Thanks for taking the time to respond,
Gratefully Paula

Sue Hunt said: Feb 22, 2013
Sue Hunt
Suzuki Association Member
Viola, Violin
391 posts

As your daughter is a beginner, her period of recovery will be a golden opportunity to revisit a treasure chest of exciting beginner games, all without putting the instrument on her shoulder.

There are lots of bow hold games for beginners, for increasing the length of time that she can maintain a good bow hold, while doing something else at the same time.

She can also strengthen her fingers by manipulating very small objects, like pegs in peg boards, using a different finger and thumb each time she picks up another. She can even alternate hands.

“Ring Sequences” is a good game. Call out a short sequence (e.g. 114) and she can tap the fingers with her thumb while saying it back to you. When she gets the hang of it, add a number.

When she’s feeling a stronger, how about a spot of gentle crab wrestling. Both of you should interlock circles made with first finger and thumb. Pull gently, making sure that the circles stay round. The first one to collapse is the looser. Just make sure that she wins.

There will be time for lots and lots of listening. Study listening is very effective. You are never too young to follow the music with a finger, noticing its shape and perhaps, even finding out what some of the symbols mean.

She can learn the bowing of pieces, by ghost bowing in the air.

You don’t need to hold an instrument to practice fingering, or for note learning. Just touch each finger to the thumb.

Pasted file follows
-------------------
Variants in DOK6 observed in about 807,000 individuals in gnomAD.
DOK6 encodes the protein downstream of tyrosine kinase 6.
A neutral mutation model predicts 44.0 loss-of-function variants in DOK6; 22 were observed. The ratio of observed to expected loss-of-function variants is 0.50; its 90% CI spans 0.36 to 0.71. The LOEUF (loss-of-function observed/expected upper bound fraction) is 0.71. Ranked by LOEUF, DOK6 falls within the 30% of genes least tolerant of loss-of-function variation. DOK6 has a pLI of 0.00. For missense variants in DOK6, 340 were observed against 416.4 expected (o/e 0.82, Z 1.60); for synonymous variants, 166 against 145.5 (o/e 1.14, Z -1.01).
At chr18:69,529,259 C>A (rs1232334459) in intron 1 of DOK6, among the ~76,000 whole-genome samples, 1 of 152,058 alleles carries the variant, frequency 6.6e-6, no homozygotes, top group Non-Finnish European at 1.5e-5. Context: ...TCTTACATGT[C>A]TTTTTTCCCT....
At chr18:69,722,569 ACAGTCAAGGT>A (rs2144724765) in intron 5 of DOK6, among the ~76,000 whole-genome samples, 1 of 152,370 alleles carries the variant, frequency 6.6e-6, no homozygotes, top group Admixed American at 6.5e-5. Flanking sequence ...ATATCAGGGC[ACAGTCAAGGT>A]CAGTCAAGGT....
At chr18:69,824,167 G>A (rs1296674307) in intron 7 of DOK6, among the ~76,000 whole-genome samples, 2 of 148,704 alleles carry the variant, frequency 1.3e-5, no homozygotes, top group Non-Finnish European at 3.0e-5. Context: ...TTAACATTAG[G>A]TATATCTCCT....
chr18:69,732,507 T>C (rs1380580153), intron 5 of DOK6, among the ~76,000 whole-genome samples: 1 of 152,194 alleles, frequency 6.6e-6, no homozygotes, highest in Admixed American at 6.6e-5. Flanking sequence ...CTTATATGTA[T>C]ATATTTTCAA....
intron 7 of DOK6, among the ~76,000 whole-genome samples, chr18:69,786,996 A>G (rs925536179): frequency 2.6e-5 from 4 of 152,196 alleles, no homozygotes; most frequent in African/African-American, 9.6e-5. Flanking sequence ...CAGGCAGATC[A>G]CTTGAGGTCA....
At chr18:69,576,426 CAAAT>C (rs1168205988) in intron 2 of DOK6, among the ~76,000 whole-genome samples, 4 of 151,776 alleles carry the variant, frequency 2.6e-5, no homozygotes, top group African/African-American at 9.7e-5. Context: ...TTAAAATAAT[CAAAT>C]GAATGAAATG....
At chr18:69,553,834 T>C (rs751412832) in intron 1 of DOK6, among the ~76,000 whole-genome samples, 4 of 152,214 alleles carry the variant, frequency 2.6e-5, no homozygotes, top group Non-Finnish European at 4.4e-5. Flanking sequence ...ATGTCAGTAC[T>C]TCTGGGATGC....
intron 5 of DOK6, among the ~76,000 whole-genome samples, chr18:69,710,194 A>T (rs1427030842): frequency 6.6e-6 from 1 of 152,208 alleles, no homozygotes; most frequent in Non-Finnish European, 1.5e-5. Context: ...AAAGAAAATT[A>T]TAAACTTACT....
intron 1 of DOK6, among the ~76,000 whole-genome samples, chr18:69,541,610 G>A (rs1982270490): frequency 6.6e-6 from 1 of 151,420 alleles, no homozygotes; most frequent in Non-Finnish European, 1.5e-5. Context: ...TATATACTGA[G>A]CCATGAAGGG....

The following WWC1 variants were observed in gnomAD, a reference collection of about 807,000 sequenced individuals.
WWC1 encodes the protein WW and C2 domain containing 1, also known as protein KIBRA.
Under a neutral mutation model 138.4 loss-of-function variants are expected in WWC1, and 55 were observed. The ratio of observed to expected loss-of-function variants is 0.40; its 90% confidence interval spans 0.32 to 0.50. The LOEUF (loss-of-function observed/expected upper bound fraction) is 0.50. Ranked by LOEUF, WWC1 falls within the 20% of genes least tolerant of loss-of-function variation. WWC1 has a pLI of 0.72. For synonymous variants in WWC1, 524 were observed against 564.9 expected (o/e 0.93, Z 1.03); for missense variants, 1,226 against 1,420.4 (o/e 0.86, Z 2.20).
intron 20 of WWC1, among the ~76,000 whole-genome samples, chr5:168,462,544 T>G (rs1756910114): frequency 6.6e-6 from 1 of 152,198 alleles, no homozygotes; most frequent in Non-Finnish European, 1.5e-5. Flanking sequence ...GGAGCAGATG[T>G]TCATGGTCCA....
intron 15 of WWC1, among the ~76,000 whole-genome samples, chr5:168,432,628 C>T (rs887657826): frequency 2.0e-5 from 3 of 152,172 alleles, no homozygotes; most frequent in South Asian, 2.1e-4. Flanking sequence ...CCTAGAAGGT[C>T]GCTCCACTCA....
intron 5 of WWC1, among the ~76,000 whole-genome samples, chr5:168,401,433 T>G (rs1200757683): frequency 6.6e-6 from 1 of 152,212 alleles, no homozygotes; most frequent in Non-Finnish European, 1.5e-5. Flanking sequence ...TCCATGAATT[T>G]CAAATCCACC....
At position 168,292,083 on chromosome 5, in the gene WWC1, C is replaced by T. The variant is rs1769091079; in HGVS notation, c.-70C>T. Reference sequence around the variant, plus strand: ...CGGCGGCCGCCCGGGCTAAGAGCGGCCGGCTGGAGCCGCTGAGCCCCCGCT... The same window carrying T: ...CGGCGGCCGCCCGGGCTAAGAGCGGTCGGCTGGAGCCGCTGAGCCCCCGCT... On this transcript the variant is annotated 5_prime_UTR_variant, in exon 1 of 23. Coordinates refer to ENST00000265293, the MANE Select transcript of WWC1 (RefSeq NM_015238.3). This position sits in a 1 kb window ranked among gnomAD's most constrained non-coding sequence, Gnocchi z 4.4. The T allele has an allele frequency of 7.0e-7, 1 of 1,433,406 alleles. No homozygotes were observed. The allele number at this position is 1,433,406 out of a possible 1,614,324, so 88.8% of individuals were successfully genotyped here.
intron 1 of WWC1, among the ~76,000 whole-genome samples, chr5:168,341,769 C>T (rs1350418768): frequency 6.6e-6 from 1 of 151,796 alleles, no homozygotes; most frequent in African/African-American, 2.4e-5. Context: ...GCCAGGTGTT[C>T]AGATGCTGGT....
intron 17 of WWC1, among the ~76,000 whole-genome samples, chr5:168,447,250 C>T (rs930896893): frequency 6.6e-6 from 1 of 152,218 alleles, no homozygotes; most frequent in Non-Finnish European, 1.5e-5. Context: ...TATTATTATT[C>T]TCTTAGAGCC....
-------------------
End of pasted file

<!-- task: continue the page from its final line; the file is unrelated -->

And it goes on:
I hope this helps and I wish you both well.

Kiyoko said: Mar 15, 2013
 84 posts

The tablets are a great idea for keeping your daughter engaged in music.

A simple iPad app my toddler son loves is “Music Sparkles.” It doesn’t truly emulate playing so the physical risk isn’t there, but she will be able to make the sounds of various instruments (more if you unlock it.) There are other more sophisticated iPad apps too like Garage Band that aren’t quite appropriate for my son yet. You might also look into drum and rhythm apps as rhythm is something that will always be helpful to work on.

There are plenty of YouTube videos of kids playing music, Suzuki solo and group recitals, musicians like Perlman on Sesame Street, performances of classical and pop violinists like Vanessa Mae, and lots more. There is even a beatbox flutist who plays Peter and the Wolf. If you preview them you can pop the ones you like into a Favorites list.

You could also keep a practice bow—one like what she used with her box violin, at her bedside to work on her bow hold. That way you don’t have to worry about the her real bow. (Once they okay her to start raising her arms again, it might even be a useful tool for therapy.)

And of course, we have plenty of music pre-downloaded to our tablets so an Internet connection isn’t required to listen. Our Suzuki recordings are there too.

Best wishes for a successful surgery and quick recovery!

Paula Tiede said: Mar 21, 2013
 3 posts

Thank you so much for taking the time to respond to my request. My husband is printing these great notes for me & I am making the hospital bag now. Our surgery was moved up & we will be in the hospital soon. Again, thank you so much!
Paula and Lana Tiede